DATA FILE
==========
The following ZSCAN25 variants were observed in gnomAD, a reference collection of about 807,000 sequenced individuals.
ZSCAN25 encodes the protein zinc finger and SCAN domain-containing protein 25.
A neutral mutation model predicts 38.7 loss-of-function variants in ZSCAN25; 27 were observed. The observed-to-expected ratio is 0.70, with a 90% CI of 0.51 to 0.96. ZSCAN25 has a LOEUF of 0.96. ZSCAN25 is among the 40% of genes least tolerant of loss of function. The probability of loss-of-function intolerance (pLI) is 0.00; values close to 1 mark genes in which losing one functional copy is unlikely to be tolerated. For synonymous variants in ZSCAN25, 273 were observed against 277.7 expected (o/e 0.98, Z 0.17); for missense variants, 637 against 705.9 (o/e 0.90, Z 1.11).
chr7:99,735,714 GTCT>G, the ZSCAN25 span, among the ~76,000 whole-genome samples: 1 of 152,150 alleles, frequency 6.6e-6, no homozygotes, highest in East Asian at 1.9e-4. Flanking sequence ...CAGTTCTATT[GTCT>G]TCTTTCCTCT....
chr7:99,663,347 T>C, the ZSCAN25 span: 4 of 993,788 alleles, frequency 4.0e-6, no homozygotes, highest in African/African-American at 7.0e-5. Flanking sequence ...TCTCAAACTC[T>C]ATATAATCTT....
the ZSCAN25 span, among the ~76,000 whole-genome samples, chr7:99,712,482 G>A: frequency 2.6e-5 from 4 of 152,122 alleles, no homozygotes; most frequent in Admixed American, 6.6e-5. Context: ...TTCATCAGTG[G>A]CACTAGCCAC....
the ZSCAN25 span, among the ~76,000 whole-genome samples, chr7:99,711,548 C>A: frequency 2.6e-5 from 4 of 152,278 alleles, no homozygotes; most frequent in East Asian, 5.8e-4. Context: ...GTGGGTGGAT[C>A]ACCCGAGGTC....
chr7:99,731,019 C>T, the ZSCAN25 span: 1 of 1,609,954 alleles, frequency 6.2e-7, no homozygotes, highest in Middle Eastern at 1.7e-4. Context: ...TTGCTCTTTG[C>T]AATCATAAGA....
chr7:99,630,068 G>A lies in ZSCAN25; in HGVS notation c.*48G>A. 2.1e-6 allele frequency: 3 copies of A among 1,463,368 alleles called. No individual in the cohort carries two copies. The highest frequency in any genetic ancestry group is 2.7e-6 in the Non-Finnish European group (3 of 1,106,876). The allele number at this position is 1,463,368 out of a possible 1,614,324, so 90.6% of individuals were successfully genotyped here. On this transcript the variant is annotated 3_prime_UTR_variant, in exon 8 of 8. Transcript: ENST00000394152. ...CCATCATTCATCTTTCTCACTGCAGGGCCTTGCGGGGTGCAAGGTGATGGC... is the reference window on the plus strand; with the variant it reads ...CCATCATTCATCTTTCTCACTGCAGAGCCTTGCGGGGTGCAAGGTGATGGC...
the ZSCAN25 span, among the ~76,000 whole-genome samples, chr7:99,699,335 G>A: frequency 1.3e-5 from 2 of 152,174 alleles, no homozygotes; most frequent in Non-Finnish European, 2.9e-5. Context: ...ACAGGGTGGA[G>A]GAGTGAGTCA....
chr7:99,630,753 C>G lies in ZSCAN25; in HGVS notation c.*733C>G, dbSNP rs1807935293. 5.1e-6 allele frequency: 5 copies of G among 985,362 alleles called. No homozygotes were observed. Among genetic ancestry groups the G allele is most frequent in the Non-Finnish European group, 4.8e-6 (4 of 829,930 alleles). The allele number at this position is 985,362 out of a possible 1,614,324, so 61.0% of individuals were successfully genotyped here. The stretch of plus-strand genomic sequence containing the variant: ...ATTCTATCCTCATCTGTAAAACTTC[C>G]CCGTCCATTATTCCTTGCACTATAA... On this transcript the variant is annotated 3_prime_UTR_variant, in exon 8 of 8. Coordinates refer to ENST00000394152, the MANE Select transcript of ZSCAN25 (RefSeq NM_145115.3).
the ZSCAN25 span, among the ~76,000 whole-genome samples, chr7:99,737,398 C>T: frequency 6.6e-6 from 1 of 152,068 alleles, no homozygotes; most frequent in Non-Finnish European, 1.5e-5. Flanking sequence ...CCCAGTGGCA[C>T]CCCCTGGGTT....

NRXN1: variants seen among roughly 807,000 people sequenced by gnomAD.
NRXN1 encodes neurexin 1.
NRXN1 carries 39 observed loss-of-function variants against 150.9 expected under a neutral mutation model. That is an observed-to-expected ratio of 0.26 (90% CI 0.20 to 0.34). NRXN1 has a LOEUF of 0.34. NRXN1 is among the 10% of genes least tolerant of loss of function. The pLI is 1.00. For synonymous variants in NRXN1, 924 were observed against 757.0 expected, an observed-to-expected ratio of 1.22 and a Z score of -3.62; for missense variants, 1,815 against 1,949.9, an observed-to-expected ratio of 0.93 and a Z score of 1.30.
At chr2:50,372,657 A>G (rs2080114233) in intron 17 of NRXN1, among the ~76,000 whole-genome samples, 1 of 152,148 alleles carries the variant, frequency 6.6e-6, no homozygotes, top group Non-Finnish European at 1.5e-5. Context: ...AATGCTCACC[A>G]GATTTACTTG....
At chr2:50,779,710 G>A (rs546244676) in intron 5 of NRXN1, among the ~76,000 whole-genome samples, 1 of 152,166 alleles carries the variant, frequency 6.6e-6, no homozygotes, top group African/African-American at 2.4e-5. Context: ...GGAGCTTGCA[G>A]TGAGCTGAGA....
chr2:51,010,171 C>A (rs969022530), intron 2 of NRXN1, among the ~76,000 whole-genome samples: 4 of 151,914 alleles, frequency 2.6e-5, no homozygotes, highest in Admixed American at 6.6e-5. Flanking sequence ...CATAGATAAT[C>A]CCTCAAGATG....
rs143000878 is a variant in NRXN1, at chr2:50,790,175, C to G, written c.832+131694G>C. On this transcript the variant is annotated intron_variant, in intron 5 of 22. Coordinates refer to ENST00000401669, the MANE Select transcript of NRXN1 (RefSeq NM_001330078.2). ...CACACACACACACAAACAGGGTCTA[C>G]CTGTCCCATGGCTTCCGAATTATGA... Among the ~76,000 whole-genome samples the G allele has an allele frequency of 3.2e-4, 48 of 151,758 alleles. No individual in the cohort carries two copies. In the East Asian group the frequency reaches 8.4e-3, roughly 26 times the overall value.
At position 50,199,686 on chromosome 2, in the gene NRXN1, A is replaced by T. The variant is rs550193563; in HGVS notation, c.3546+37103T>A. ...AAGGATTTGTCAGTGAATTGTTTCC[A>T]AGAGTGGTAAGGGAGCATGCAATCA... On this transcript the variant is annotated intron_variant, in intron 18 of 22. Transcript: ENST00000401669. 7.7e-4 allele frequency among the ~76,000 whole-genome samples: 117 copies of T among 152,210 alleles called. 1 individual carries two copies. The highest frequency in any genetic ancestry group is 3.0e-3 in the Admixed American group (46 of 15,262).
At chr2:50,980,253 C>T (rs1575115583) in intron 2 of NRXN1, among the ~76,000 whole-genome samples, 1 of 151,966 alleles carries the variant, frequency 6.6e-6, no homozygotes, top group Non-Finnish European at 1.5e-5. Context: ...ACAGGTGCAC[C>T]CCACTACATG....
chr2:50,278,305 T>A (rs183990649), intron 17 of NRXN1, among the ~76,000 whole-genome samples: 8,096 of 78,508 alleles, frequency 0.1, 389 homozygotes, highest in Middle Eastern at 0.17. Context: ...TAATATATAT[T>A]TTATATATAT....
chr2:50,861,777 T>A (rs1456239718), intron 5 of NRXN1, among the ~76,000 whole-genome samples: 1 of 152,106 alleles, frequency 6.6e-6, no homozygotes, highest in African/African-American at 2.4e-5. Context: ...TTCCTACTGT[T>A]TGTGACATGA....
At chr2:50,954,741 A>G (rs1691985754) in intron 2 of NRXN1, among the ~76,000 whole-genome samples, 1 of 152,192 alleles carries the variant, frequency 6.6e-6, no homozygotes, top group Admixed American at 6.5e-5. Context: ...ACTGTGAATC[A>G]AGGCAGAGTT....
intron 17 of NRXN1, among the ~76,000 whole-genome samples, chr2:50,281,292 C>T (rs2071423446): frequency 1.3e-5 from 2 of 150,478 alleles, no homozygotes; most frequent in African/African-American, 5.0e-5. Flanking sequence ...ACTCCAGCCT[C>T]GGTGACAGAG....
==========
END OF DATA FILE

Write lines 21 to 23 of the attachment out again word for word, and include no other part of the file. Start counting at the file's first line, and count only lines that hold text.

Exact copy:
At chr2:50,980,253 C>T (rs1575115583) in intron 2 of NRXN1, among the ~76,000 whole-genome samples, 1 of 151,966 alleles carries the variant, frequency 6.6e-6, no homozygotes, top group Non-Finnish European at 1.5e-5. Context: ...ACAGGTGCAC[C>T]CCACTACATG....
chr2:50,278,305 T>A (rs183990649), intron 17 of NRXN1, among the ~76,000 whole-genome samples: 8,096 of 78,508 alleles, frequency 0.1, 389 homozygotes, highest in Middle Eastern at 0.17. Context: ...TAATATATAT[T>A]TTATATATAT....
chr2:50,861,777 T>A (rs1456239718), intron 5 of NRXN1, among the ~76,000 whole-genome samples: 1 of 152,106 alleles, frequency 6.6e-6, no homozygotes, highest in African/African-American at 2.4e-5. Context: ...TTCCTACTGT[T>A]TGTGACATGA....